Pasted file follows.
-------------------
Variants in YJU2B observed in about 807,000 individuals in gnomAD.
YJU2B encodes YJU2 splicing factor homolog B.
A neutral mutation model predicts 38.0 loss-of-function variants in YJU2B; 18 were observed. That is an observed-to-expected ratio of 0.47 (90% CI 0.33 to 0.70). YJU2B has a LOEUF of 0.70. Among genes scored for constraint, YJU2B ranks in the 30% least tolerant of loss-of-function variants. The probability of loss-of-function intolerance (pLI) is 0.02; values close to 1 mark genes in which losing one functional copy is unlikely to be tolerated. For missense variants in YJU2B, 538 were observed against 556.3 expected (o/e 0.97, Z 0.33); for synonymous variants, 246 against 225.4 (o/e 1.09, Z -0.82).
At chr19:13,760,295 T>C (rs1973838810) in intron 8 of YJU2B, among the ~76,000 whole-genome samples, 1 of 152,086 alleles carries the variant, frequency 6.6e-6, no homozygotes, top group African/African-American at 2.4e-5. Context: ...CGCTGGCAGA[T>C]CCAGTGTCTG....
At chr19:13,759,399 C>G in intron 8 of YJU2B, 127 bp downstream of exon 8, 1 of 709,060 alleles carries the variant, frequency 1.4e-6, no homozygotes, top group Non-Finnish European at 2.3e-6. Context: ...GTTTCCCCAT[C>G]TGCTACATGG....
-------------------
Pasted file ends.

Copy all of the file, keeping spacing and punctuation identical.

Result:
Variants in YJU2B observed in about 807,000 individuals in gnomAD.
YJU2B encodes YJU2 splicing factor homolog B.
A neutral mutation model predicts 38.0 loss-of-function variants in YJU2B; 18 were observed. That is an observed-to-expected ratio of 0.47 (90% CI 0.33 to 0.70). YJU2B has a LOEUF of 0.70. Among genes scored for constraint, YJU2B ranks in the 30% least tolerant of loss-of-function variants. The probability of loss-of-function intolerance (pLI) is 0.02; values close to 1 mark genes in which losing one functional copy is unlikely to be tolerated. For missense variants in YJU2B, 538 were observed against 556.3 expected (o/e 0.97, Z 0.33); for synonymous variants, 246 against 225.4 (o/e 1.09, Z -0.82).
At chr19:13,760,295 T>C (rs1973838810) in intron 8 of YJU2B, among the ~76,000 whole-genome samples, 1 of 152,086 alleles carries the variant, frequency 6.6e-6, no homozygotes, top group African/African-American at 2.4e-5. Context: ...CGCTGGCAGA[T>C]CCAGTGTCTG....
At chr19:13,759,399 C>G in intron 8 of YJU2B, 127 bp downstream of exon 8, 1 of 709,060 alleles carries the variant, frequency 1.4e-6, no homozygotes, top group Non-Finnish European at 2.3e-6. Context: ...GTTTCCCCAT[C>G]TGCTACATGG....